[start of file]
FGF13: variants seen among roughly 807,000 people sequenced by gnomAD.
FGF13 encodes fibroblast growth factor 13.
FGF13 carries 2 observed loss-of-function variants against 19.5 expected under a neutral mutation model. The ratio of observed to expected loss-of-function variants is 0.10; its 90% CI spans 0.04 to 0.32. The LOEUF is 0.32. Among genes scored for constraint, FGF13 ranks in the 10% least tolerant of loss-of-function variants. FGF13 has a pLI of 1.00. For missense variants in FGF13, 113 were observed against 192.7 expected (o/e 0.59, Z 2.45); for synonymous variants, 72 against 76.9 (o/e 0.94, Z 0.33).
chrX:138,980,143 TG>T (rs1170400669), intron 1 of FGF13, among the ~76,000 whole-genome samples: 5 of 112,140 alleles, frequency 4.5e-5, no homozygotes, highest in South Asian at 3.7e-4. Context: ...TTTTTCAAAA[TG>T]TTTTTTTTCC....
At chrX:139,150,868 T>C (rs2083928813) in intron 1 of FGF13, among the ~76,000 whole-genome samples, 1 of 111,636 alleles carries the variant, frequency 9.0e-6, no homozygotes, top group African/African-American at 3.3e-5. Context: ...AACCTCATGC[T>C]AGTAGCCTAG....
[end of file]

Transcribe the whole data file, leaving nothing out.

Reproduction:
FGF13: variants seen among roughly 807,000 people sequenced by gnomAD.
FGF13 encodes fibroblast growth factor 13.
FGF13 carries 2 observed loss-of-function variants against 19.5 expected under a neutral mutation model. The ratio of observed to expected loss-of-function variants is 0.10; its 90% CI spans 0.04 to 0.32. The LOEUF is 0.32. Among genes scored for constraint, FGF13 ranks in the 10% least tolerant of loss-of-function variants. FGF13 has a pLI of 1.00. For missense variants in FGF13, 113 were observed against 192.7 expected (o/e 0.59, Z 2.45); for synonymous variants, 72 against 76.9 (o/e 0.94, Z 0.33).
chrX:138,980,143 TG>T (rs1170400669), intron 1 of FGF13, among the ~76,000 whole-genome samples: 5 of 112,140 alleles, frequency 4.5e-5, no homozygotes, highest in South Asian at 3.7e-4. Context: ...TTTTTCAAAA[TG>T]TTTTTTTTCC....
At chrX:139,150,868 T>C (rs2083928813) in intron 1 of FGF13, among the ~76,000 whole-genome samples, 1 of 111,636 alleles carries the variant, frequency 9.0e-6, no homozygotes, top group African/African-American at 3.3e-5. Context: ...AACCTCATGC[T>C]AGTAGCCTAG....